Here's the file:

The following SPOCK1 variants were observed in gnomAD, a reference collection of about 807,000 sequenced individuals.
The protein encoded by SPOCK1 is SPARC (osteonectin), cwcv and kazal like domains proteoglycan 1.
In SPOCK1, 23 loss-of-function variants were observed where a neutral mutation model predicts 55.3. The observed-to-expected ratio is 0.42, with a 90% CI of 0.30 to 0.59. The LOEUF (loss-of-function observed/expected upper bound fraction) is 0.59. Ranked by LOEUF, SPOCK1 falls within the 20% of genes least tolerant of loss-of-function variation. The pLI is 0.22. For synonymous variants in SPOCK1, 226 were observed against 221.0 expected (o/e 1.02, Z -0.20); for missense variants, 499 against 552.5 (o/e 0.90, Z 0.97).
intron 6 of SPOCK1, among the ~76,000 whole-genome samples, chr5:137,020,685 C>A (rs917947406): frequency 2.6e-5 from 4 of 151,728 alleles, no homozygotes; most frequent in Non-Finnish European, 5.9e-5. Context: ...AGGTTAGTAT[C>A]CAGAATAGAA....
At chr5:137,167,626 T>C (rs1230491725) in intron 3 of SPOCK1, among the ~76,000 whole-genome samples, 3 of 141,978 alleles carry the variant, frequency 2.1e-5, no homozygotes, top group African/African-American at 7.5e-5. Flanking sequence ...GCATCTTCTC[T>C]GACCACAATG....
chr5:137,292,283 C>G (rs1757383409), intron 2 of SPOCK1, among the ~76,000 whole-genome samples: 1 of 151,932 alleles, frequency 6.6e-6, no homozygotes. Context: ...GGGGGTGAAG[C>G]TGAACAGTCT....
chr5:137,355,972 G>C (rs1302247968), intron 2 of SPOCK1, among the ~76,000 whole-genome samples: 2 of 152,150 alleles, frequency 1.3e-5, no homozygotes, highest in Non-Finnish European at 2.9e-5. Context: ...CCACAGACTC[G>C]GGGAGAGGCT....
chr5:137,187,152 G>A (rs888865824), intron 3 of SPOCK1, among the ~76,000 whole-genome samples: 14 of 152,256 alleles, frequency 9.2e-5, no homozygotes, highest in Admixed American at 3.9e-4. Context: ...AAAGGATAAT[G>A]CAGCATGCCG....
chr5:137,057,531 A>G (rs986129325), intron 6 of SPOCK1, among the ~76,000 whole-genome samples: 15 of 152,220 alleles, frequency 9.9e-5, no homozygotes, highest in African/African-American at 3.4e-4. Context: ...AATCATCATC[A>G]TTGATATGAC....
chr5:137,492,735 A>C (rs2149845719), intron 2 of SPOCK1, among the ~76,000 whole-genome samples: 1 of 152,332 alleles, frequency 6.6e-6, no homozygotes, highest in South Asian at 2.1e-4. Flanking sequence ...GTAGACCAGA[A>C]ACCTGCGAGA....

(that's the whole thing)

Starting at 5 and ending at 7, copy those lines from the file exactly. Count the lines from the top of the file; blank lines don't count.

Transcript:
At chr5:137,167,626 T>C (rs1230491725) in intron 3 of SPOCK1, among the ~76,000 whole-genome samples, 3 of 141,978 alleles carry the variant, frequency 2.1e-5, no homozygotes, top group African/African-American at 7.5e-5. Flanking sequence ...GCATCTTCTC[T>C]GACCACAATG....
chr5:137,292,283 C>G (rs1757383409), intron 2 of SPOCK1, among the ~76,000 whole-genome samples: 1 of 151,932 alleles, frequency 6.6e-6, no homozygotes. Context: ...GGGGGTGAAG[C>G]TGAACAGTCT....
chr5:137,355,972 G>C (rs1302247968), intron 2 of SPOCK1, among the ~76,000 whole-genome samples: 2 of 152,150 alleles, frequency 1.3e-5, no homozygotes, highest in Non-Finnish European at 2.9e-5. Context: ...CCACAGACTC[G>C]GGGAGAGGCT....